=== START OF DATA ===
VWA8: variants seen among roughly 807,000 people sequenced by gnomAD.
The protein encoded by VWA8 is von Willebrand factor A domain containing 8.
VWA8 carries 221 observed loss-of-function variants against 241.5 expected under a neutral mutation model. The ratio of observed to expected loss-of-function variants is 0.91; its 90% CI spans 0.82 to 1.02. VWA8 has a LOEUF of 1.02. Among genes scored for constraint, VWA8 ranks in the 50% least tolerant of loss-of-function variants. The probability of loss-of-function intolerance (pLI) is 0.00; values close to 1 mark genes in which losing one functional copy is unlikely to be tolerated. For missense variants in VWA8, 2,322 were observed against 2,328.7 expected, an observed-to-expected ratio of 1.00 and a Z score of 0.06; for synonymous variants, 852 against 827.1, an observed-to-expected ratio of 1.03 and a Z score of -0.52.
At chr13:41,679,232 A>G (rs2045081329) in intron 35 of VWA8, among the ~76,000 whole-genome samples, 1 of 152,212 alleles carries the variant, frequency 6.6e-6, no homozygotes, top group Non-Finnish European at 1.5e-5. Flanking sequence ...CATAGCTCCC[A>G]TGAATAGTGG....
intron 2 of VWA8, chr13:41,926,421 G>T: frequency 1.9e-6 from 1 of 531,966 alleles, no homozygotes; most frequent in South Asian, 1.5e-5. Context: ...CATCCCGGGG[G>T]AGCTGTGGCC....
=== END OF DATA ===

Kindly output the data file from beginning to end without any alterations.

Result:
VWA8: variants seen among roughly 807,000 people sequenced by gnomAD.
The protein encoded by VWA8 is von Willebrand factor A domain containing 8.
VWA8 carries 221 observed loss-of-function variants against 241.5 expected under a neutral mutation model. The ratio of observed to expected loss-of-function variants is 0.91; its 90% CI spans 0.82 to 1.02. VWA8 has a LOEUF of 1.02. Among genes scored for constraint, VWA8 ranks in the 50% least tolerant of loss-of-function variants. The probability of loss-of-function intolerance (pLI) is 0.00; values close to 1 mark genes in which losing one functional copy is unlikely to be tolerated. For missense variants in VWA8, 2,322 were observed against 2,328.7 expected, an observed-to-expected ratio of 1.00 and a Z score of 0.06; for synonymous variants, 852 against 827.1, an observed-to-expected ratio of 1.03 and a Z score of -0.52.
At chr13:41,679,232 A>G (rs2045081329) in intron 35 of VWA8, among the ~76,000 whole-genome samples, 1 of 152,212 alleles carries the variant, frequency 6.6e-6, no homozygotes, top group Non-Finnish European at 1.5e-5. Flanking sequence ...CATAGCTCCC[A>G]TGAATAGTGG....
intron 2 of VWA8, chr13:41,926,421 G>T: frequency 1.9e-6 from 1 of 531,966 alleles, no homozygotes; most frequent in South Asian, 1.5e-5. Context: ...CATCCCGGGG[G>T]AGCTGTGGCC....